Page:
Behind gang violence in Jamaica and Haiti

Democracy protest in Haiti, December 2009. What the media condemns as gang violence in countries such as Jamaica and Haiti is in

When police in Jamaica launched a bloody assault in May on poor neighbourhoods in the country’s capital city, news outlets in Canada responded with an ignorance and insensitivity that is all too common in their coverage of the Caribbean islands. As with Haiti, Jamaica is portrayed as incomprehensibly violent and not quite civilised.

Canada's national broadcaster aired a 20-minute story on its morning radio newsmagazine, The Current, on May 28. Neither the host nor the two guests she interviewed sounded the slightest bit concerned when she explained in her introduction that 73 people had been killed by the police assault.

In fact, both guests welcomed the police action. “It was long overdue,” they chimed. “Criminal gangs in Jamaica have become too powerful.”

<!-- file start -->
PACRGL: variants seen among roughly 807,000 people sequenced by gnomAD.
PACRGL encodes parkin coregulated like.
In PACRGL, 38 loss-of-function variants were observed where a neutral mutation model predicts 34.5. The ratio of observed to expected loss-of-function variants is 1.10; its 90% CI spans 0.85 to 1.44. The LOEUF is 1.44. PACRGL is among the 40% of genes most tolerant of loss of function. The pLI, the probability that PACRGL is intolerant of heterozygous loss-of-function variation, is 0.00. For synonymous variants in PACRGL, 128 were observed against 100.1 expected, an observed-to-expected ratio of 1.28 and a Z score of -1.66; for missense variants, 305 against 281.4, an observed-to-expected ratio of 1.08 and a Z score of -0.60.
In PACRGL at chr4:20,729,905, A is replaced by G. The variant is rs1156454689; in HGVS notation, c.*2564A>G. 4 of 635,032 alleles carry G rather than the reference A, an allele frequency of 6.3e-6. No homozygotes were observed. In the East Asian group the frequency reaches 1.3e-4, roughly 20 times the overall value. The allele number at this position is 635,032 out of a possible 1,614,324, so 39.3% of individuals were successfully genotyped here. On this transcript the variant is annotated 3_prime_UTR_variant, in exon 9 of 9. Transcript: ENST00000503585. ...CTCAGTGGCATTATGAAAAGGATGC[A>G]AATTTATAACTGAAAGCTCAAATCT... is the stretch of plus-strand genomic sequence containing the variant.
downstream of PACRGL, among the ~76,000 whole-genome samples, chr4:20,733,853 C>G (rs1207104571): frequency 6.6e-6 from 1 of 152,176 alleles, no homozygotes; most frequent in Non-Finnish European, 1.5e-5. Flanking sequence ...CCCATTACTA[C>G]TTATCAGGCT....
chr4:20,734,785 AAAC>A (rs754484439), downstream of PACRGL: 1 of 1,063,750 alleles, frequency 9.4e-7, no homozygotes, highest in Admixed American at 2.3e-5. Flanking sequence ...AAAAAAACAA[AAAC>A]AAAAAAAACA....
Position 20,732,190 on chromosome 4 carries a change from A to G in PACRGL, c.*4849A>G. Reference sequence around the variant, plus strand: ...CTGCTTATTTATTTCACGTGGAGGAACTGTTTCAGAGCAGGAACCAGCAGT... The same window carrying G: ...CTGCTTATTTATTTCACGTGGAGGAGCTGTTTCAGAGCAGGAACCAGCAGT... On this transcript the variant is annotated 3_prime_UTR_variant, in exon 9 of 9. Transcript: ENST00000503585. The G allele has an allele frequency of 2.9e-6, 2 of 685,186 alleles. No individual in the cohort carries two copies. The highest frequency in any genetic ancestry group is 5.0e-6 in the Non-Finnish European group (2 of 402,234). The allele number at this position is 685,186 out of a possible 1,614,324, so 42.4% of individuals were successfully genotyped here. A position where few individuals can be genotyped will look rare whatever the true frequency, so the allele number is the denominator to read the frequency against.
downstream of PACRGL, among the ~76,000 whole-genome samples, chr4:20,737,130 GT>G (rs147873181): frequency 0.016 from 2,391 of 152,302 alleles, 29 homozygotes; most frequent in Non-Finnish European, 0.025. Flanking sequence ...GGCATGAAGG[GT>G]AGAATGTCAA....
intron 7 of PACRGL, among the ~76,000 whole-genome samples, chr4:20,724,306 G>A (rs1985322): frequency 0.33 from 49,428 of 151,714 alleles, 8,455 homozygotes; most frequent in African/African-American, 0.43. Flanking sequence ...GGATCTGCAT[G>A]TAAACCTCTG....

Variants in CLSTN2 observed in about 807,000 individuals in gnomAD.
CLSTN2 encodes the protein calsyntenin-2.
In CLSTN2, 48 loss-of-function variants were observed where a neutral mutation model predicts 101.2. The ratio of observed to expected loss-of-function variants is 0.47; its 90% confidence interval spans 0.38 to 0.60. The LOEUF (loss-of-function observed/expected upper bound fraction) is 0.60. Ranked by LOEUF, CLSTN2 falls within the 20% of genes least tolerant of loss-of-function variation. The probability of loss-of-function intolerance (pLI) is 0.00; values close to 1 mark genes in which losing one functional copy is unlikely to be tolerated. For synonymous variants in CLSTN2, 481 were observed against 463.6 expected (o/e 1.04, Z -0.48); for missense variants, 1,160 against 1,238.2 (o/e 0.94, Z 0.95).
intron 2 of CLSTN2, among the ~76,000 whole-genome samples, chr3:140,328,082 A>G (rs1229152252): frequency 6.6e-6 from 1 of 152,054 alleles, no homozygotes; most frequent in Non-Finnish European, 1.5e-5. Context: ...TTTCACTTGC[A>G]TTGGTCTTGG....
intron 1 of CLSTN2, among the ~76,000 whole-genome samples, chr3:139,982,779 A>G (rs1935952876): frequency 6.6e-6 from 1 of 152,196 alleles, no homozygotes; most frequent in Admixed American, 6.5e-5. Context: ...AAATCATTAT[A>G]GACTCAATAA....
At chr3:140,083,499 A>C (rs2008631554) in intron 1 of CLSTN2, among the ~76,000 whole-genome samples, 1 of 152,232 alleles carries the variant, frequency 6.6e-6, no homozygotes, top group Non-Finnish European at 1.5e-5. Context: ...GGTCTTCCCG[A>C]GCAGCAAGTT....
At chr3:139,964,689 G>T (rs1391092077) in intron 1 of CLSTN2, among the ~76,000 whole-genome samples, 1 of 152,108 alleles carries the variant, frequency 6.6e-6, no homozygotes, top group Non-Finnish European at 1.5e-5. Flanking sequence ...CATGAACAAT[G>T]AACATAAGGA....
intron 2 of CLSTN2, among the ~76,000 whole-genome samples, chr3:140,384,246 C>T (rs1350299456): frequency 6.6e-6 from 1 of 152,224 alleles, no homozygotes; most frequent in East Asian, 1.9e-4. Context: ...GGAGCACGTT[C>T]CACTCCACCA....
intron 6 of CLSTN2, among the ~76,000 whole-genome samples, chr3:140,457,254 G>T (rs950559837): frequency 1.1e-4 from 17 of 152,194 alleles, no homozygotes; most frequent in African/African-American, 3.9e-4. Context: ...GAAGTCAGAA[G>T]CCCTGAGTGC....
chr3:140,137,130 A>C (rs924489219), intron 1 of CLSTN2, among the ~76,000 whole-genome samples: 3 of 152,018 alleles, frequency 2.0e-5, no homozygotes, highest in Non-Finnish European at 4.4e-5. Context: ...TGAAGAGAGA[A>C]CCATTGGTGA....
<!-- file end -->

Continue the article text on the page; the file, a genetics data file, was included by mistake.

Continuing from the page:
Astonishingly, one of the guests, Philip Mascoll, a former reporter for Canada's largest distribution daily newspaper, the Toronto Star, said Canadians should prepare for similar police action in poor housing projects in Toronto. He prefaced his comment by saying: “People are going to hate me for saying this, but...”

If the program host was fazed, she didn’t show it.

Carolyn Gomes, executive director of Jamaicans for Justice, is highly critical of the police action. In a May 28 interview from Kingston on Democracy Now! , she said that for decades the Jamaican police have been a force outside the law that operates with “complete and total impunity”.

Last year, Gomes said, police killed an estimated 250 people. In the past decade, not a single officer has been charged with the death of any of the several thousand citizens who have died at the hands of police.